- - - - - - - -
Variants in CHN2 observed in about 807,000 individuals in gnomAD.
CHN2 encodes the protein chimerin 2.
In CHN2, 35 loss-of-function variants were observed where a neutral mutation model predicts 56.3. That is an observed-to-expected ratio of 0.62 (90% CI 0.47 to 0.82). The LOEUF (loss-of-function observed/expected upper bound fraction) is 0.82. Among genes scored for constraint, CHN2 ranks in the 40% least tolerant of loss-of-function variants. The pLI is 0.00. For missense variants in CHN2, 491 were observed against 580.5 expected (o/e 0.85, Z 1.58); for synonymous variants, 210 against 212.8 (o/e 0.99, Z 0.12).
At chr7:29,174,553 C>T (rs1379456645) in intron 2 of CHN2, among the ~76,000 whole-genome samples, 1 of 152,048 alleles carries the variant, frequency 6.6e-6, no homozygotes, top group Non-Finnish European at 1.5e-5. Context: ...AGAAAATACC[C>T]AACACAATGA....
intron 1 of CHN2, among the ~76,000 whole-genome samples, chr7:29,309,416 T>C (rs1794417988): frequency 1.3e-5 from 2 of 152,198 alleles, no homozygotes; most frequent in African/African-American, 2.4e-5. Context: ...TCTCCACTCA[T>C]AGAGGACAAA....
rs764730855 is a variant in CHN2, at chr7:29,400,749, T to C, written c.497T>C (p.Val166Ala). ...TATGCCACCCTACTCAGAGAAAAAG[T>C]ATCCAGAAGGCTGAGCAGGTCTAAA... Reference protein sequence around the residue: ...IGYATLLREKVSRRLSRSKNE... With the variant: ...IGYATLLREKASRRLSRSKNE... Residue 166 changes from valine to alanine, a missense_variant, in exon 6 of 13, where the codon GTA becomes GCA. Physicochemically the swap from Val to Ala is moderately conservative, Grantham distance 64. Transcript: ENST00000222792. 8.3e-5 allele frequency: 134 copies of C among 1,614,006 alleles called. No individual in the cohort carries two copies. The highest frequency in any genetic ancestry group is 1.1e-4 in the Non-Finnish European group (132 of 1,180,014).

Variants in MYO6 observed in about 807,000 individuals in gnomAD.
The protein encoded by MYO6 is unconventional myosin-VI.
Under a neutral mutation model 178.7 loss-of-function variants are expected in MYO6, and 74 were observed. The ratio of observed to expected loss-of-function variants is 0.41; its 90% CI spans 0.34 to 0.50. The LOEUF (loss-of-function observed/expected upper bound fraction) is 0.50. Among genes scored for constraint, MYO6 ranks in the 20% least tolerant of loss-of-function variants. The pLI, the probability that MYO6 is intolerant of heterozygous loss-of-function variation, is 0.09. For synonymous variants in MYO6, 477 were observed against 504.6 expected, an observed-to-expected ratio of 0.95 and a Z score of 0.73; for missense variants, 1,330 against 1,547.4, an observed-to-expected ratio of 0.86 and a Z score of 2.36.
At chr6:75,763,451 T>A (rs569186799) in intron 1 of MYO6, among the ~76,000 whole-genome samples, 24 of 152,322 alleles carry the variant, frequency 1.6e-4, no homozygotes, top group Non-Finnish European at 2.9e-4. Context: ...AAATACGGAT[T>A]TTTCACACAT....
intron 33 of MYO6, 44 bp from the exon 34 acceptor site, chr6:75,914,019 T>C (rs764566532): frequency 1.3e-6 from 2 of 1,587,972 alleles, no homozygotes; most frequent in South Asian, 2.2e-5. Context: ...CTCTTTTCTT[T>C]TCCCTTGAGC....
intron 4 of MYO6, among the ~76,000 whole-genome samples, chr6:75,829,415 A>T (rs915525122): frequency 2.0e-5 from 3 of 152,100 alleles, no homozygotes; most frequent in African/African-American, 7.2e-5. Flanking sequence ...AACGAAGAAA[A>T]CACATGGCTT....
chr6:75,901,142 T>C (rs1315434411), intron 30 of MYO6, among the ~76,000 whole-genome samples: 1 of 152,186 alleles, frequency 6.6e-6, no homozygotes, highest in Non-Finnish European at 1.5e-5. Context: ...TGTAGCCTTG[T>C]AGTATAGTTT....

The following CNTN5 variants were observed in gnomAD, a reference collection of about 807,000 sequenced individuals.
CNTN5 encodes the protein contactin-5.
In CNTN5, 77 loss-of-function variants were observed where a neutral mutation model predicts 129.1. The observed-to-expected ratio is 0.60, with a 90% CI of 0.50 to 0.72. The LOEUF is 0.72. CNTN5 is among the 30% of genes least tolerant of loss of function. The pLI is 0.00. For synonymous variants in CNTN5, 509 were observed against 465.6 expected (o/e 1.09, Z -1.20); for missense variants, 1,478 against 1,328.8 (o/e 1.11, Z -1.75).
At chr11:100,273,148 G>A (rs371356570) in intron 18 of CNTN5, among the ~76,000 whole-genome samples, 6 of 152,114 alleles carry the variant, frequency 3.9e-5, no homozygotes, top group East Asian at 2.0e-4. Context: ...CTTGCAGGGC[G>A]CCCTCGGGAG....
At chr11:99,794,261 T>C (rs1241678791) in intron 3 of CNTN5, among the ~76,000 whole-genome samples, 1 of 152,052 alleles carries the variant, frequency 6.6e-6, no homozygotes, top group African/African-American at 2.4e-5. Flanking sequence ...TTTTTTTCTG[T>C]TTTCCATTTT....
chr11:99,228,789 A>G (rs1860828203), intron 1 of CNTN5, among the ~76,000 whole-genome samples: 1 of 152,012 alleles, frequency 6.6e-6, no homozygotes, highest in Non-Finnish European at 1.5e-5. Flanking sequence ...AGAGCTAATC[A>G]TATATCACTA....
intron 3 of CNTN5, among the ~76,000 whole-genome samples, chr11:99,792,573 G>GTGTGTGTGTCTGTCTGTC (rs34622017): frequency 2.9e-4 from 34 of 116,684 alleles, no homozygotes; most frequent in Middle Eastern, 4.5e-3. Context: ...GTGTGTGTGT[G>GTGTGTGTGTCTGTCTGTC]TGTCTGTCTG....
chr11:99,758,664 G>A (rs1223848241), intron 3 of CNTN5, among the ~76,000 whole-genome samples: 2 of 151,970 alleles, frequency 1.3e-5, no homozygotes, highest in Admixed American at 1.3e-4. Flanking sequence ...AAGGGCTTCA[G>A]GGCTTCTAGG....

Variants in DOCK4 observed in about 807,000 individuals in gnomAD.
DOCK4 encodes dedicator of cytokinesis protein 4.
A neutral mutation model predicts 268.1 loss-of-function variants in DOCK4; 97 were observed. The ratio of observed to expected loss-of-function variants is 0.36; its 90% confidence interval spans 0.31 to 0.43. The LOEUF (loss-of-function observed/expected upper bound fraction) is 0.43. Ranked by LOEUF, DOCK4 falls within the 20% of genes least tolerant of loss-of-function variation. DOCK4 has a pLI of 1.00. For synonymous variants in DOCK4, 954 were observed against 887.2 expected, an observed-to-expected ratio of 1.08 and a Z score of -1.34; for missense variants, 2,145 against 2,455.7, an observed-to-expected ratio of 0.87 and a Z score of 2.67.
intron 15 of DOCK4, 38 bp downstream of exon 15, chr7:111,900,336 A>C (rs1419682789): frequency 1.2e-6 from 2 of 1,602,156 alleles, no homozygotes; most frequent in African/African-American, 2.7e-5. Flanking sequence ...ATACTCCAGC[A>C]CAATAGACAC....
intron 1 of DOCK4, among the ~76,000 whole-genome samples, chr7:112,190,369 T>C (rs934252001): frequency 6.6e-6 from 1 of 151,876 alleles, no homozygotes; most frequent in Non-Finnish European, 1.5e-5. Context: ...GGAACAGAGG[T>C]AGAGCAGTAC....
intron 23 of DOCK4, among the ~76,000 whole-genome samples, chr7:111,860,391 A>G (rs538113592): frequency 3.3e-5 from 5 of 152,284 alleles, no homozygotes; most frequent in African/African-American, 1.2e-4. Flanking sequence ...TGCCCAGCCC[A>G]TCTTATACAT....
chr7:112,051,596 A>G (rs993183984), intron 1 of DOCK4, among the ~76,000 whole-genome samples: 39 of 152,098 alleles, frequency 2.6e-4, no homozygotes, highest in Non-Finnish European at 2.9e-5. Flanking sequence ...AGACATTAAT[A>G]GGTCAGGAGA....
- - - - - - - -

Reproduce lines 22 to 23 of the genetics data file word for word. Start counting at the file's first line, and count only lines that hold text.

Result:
Variants in DOCK4 observed in about 807,000 individuals in gnomAD.
DOCK4 encodes dedicator of cytokinesis protein 4.